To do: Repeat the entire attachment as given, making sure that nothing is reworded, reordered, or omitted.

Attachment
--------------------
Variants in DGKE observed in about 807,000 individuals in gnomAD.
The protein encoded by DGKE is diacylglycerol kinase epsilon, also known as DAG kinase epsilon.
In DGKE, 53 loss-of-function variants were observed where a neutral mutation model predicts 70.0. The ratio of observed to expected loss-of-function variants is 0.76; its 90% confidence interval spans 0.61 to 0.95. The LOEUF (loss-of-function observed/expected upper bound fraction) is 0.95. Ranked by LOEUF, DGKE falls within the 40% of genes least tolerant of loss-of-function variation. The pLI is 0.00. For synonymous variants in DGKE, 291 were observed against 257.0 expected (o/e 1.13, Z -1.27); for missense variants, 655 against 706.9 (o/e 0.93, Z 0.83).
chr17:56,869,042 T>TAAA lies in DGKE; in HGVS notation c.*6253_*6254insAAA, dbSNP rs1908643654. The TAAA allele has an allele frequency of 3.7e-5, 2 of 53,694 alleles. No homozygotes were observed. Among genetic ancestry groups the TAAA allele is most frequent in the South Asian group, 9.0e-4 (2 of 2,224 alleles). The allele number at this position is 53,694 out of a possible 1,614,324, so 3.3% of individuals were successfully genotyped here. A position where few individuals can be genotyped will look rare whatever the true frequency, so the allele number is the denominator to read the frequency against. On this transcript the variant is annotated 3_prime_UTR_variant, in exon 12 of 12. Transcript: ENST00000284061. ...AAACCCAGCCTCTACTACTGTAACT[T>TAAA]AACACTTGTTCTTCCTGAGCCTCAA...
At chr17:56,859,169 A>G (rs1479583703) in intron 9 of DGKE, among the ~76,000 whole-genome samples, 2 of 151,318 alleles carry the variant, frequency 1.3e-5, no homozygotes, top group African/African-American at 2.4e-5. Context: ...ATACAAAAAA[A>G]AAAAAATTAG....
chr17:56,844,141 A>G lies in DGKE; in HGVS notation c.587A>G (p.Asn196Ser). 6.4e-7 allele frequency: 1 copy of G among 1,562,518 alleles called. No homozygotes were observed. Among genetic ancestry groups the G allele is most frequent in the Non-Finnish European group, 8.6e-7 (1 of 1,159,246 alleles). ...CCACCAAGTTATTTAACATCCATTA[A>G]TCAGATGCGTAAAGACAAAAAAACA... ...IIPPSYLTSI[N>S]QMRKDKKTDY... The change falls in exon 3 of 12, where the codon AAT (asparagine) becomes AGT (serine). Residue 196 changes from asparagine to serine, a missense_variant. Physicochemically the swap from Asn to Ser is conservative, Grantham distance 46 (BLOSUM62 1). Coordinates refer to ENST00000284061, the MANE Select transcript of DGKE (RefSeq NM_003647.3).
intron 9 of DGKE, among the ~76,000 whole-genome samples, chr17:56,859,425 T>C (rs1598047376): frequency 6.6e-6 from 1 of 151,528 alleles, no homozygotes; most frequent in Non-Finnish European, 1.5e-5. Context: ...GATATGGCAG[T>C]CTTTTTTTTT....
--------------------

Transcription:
Variants in DGKE observed in about 807,000 individuals in gnomAD.
The protein encoded by DGKE is diacylglycerol kinase epsilon, also known as DAG kinase epsilon.
In DGKE, 53 loss-of-function variants were observed where a neutral mutation model predicts 70.0. The ratio of observed to expected loss-of-function variants is 0.76; its 90% confidence interval spans 0.61 to 0.95. The LOEUF (loss-of-function observed/expected upper bound fraction) is 0.95. Ranked by LOEUF, DGKE falls within the 40% of genes least tolerant of loss-of-function variation. The pLI is 0.00. For synonymous variants in DGKE, 291 were observed against 257.0 expected (o/e 1.13, Z -1.27); for missense variants, 655 against 706.9 (o/e 0.93, Z 0.83).
chr17:56,869,042 T>TAAA lies in DGKE; in HGVS notation c.*6253_*6254insAAA, dbSNP rs1908643654. The TAAA allele has an allele frequency of 3.7e-5, 2 of 53,694 alleles. No homozygotes were observed. Among genetic ancestry groups the TAAA allele is most frequent in the South Asian group, 9.0e-4 (2 of 2,224 alleles). The allele number at this position is 53,694 out of a possible 1,614,324, so 3.3% of individuals were successfully genotyped here. A position where few individuals can be genotyped will look rare whatever the true frequency, so the allele number is the denominator to read the frequency against. On this transcript the variant is annotated 3_prime_UTR_variant, in exon 12 of 12. Transcript: ENST00000284061. ...AAACCCAGCCTCTACTACTGTAACT[T>TAAA]AACACTTGTTCTTCCTGAGCCTCAA...
At chr17:56,859,169 A>G (rs1479583703) in intron 9 of DGKE, among the ~76,000 whole-genome samples, 2 of 151,318 alleles carry the variant, frequency 1.3e-5, no homozygotes, top group African/African-American at 2.4e-5. Context: ...ATACAAAAAA[A>G]AAAAAATTAG....
chr17:56,844,141 A>G lies in DGKE; in HGVS notation c.587A>G (p.Asn196Ser). 6.4e-7 allele frequency: 1 copy of G among 1,562,518 alleles called. No homozygotes were observed. Among genetic ancestry groups the G allele is most frequent in the Non-Finnish European group, 8.6e-7 (1 of 1,159,246 alleles). ...CCACCAAGTTATTTAACATCCATTA[A>G]TCAGATGCGTAAAGACAAAAAAACA... ...IIPPSYLTSI[N>S]QMRKDKKTDY... The change falls in exon 3 of 12, where the codon AAT (asparagine) becomes AGT (serine). Residue 196 changes from asparagine to serine, a missense_variant. Physicochemically the swap from Asn to Ser is conservative, Grantham distance 46 (BLOSUM62 1). Coordinates refer to ENST00000284061, the MANE Select transcript of DGKE (RefSeq NM_003647.3).
intron 9 of DGKE, among the ~76,000 whole-genome samples, chr17:56,859,425 T>C (rs1598047376): frequency 6.6e-6 from 1 of 151,528 alleles, no homozygotes; most frequent in Non-Finnish European, 1.5e-5. Context: ...GATATGGCAG[T>C]CTTTTTTTTT....